A review I received for Blackheart Mountain was footnoted by a comment stating the reader would like to have known more about how civilization collapsed. And I thought... maybe in a future book I'll include a few flashback scenes to kind of color in the blank spaces, maybe now is the time to start revealing more of what happened before the days of Rancid Mahoney. A few chapters could suffice. But that wasn't enough for me. I took what I had already written about those events, and decided to make a full novel about them... and eventually, those events will be revealed in Book V, which is as of yet, untitled. In this penultimate volume of the saga, Rancid Mahoney will not only be faced with the ghosts of his own past, but also the past of the world itself. Most of the book will be told from his perspective, but a good chunk of it will be told from someone else, someone he's never met, and never expected to meet. This character will break his world and his perception of it. And how the story unfolds, it will bring together many of the saga's characters from previous entries, forcing them all to their breaking point in various ways.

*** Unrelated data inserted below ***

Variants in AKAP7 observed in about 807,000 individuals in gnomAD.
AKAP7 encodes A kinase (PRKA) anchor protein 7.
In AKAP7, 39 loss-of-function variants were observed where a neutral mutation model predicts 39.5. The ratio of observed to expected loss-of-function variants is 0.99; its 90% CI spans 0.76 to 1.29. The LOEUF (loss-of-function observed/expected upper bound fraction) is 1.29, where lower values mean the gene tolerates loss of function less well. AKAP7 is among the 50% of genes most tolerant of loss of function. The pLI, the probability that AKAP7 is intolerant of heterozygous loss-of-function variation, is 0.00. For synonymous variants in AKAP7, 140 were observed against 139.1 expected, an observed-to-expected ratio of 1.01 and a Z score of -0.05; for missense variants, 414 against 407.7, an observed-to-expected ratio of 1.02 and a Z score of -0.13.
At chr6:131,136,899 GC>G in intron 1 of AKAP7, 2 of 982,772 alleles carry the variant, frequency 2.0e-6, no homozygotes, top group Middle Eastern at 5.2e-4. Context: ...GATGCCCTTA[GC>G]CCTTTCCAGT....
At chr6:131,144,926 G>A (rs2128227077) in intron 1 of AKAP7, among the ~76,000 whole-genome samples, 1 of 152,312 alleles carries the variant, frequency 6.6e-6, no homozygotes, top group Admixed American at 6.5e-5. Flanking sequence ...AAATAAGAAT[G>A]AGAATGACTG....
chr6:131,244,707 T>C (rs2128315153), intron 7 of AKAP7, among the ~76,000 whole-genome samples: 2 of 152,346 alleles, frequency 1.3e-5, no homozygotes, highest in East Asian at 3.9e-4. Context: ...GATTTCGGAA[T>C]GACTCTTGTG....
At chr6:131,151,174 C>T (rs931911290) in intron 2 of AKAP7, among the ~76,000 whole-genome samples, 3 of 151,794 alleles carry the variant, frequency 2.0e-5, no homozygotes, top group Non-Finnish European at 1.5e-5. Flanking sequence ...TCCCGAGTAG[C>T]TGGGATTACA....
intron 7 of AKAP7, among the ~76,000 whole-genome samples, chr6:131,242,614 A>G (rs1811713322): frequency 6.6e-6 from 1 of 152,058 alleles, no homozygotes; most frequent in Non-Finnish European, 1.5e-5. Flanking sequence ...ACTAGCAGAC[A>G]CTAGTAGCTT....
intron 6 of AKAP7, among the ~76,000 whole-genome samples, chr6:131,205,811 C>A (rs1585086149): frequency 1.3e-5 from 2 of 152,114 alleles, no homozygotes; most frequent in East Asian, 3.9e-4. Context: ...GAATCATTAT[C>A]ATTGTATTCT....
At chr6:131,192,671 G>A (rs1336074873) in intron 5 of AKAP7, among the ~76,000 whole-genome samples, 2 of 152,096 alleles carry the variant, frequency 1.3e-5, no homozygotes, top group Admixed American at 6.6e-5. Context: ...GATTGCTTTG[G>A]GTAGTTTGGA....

The plan is to have another small time jump between this book and Book VI: One More Grave to Dig, which will tell of the fallout from the events of the previous book. In this final chapter, the story will focus on how Mahoney decides to deal with these revelations, and if he should apply them to his future, what then would his future hold for him and all those who he's grown close to? I expect something terrible, something beautiful, something bittersweet, something final; all of those, some mixture of those, or none of them at all. The coming years of writing will tell.